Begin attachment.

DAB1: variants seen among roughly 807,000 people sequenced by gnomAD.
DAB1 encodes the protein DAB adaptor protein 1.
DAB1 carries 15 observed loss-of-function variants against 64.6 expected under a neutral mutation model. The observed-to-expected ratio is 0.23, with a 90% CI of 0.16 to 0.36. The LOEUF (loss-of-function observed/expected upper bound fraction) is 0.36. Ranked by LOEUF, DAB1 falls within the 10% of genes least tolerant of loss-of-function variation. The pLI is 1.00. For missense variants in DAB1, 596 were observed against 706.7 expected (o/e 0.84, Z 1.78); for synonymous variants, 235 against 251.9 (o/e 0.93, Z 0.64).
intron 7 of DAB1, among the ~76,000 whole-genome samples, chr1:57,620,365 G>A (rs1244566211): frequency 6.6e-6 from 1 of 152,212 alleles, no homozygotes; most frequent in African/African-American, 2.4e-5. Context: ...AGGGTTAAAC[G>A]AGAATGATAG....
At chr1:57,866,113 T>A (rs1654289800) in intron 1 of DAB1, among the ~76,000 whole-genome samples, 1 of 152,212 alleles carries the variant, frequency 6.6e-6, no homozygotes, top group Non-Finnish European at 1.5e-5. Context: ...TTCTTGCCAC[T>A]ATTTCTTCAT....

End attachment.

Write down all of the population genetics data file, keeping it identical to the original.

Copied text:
DAB1: variants seen among roughly 807,000 people sequenced by gnomAD.
DAB1 encodes the protein DAB adaptor protein 1.
DAB1 carries 15 observed loss-of-function variants against 64.6 expected under a neutral mutation model. The observed-to-expected ratio is 0.23, with a 90% CI of 0.16 to 0.36. The LOEUF (loss-of-function observed/expected upper bound fraction) is 0.36. Ranked by LOEUF, DAB1 falls within the 10% of genes least tolerant of loss-of-function variation. The pLI is 1.00. For missense variants in DAB1, 596 were observed against 706.7 expected (o/e 0.84, Z 1.78); for synonymous variants, 235 against 251.9 (o/e 0.93, Z 0.64).
intron 7 of DAB1, among the ~76,000 whole-genome samples, chr1:57,620,365 G>A (rs1244566211): frequency 6.6e-6 from 1 of 152,212 alleles, no homozygotes; most frequent in African/African-American, 2.4e-5. Context: ...AGGGTTAAAC[G>A]AGAATGATAG....
At chr1:57,866,113 T>A (rs1654289800) in intron 1 of DAB1, among the ~76,000 whole-genome samples, 1 of 152,212 alleles carries the variant, frequency 6.6e-6, no homozygotes, top group Non-Finnish European at 1.5e-5. Context: ...TTCTTGCCAC[T>A]ATTTCTTCAT....